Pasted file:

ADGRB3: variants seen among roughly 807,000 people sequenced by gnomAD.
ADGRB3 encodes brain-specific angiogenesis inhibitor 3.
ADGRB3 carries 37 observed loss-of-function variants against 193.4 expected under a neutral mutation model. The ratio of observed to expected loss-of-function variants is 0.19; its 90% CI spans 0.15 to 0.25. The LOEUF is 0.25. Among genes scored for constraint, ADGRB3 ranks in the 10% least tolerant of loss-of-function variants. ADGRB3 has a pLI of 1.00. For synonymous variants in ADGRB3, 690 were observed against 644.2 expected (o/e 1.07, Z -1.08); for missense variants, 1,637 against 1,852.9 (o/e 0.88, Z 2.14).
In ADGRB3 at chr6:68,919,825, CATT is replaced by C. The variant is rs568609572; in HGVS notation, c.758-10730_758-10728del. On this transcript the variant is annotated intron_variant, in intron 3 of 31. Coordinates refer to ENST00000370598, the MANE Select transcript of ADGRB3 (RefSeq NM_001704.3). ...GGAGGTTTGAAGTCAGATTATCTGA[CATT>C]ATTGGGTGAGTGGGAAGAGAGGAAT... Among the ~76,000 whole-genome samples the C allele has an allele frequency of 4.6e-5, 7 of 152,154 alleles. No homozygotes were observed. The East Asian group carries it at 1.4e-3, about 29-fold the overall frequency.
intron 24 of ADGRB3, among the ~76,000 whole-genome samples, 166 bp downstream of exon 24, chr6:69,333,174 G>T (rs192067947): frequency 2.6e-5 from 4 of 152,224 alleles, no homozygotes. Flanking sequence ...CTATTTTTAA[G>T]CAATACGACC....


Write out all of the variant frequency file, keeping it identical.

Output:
ADGRB3: variants seen among roughly 807,000 people sequenced by gnomAD.
ADGRB3 encodes brain-specific angiogenesis inhibitor 3.
ADGRB3 carries 37 observed loss-of-function variants against 193.4 expected under a neutral mutation model. The ratio of observed to expected loss-of-function variants is 0.19; its 90% CI spans 0.15 to 0.25. The LOEUF is 0.25. Among genes scored for constraint, ADGRB3 ranks in the 10% least tolerant of loss-of-function variants. ADGRB3 has a pLI of 1.00. For synonymous variants in ADGRB3, 690 were observed against 644.2 expected (o/e 1.07, Z -1.08); for missense variants, 1,637 against 1,852.9 (o/e 0.88, Z 2.14).
In ADGRB3 at chr6:68,919,825, CATT is replaced by C. The variant is rs568609572; in HGVS notation, c.758-10730_758-10728del. On this transcript the variant is annotated intron_variant, in intron 3 of 31. Coordinates refer to ENST00000370598, the MANE Select transcript of ADGRB3 (RefSeq NM_001704.3). ...GGAGGTTTGAAGTCAGATTATCTGA[CATT>C]ATTGGGTGAGTGGGAAGAGAGGAAT... Among the ~76,000 whole-genome samples the C allele has an allele frequency of 4.6e-5, 7 of 152,154 alleles. No homozygotes were observed. The East Asian group carries it at 1.4e-3, about 29-fold the overall frequency.
intron 24 of ADGRB3, among the ~76,000 whole-genome samples, 166 bp downstream of exon 24, chr6:69,333,174 G>T (rs192067947): frequency 2.6e-5 from 4 of 152,224 alleles, no homozygotes. Flanking sequence ...CTATTTTTAA[G>T]CAATACGACC....